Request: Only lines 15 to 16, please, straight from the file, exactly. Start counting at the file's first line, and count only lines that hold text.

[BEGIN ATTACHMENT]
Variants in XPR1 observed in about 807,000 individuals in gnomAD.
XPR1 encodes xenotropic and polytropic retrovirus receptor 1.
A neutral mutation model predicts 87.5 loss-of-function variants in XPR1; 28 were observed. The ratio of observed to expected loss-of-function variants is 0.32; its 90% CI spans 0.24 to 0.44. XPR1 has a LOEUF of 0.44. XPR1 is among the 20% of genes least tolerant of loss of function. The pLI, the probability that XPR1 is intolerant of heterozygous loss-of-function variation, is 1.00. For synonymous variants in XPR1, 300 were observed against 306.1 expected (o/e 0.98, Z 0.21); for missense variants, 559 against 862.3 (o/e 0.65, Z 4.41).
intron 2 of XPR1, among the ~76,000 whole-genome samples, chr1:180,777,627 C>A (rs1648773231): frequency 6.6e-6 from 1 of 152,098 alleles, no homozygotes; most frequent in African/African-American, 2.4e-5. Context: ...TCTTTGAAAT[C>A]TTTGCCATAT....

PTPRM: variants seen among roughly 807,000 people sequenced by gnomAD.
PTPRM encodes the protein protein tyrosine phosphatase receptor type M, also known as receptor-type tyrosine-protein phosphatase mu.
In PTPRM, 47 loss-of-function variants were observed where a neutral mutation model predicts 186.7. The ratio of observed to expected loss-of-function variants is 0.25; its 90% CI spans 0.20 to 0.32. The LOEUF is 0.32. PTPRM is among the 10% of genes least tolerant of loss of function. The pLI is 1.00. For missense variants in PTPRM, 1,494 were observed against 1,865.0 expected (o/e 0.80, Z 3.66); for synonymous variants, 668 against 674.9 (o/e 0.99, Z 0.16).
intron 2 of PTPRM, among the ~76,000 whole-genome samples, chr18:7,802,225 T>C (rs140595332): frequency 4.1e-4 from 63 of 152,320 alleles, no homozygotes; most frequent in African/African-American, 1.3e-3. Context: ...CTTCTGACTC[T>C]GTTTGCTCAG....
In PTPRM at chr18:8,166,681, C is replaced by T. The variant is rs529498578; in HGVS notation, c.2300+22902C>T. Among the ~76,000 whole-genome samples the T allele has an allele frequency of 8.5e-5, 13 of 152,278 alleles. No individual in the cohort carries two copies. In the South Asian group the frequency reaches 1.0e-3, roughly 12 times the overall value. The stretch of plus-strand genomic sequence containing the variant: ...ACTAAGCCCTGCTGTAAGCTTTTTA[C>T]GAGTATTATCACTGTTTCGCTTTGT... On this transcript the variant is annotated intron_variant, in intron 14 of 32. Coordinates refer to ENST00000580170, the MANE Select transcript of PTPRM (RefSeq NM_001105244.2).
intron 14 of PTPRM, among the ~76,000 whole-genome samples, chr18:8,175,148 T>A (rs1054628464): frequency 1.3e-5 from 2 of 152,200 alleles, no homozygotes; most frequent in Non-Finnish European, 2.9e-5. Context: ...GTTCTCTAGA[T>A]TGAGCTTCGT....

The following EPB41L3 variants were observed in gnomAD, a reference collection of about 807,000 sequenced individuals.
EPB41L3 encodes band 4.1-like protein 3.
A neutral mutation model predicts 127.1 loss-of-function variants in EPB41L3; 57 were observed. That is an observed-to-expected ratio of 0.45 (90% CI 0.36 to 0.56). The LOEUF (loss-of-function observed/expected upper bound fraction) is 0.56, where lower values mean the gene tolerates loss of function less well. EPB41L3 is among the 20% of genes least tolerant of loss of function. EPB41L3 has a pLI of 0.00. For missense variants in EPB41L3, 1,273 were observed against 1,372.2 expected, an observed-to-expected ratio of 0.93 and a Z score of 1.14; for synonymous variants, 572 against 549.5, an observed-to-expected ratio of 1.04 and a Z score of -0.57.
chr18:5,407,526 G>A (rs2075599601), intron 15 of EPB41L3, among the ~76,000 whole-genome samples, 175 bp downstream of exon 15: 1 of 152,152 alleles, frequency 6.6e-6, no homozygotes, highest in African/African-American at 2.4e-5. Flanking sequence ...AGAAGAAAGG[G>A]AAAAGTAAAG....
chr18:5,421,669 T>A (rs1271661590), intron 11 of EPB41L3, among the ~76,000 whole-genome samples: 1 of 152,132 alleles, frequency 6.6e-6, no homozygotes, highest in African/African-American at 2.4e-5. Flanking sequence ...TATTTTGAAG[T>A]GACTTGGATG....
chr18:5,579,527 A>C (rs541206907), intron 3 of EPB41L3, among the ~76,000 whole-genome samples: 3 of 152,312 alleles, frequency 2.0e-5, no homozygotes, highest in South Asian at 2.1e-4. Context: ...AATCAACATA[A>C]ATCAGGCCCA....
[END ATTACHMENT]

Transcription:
chr18:5,421,669 T>A (rs1271661590), intron 11 of EPB41L3, among the ~76,000 whole-genome samples: 1 of 152,132 alleles, frequency 6.6e-6, no homozygotes, highest in African/African-American at 2.4e-5. Flanking sequence ...TATTTTGAAG[T>A]GACTTGGATG....
chr18:5,579,527 A>C (rs541206907), intron 3 of EPB41L3, among the ~76,000 whole-genome samples: 3 of 152,312 alleles, frequency 2.0e-5, no homozygotes, highest in South Asian at 2.1e-4. Context: ...AATCAACATA[A>C]ATCAGGCCCA....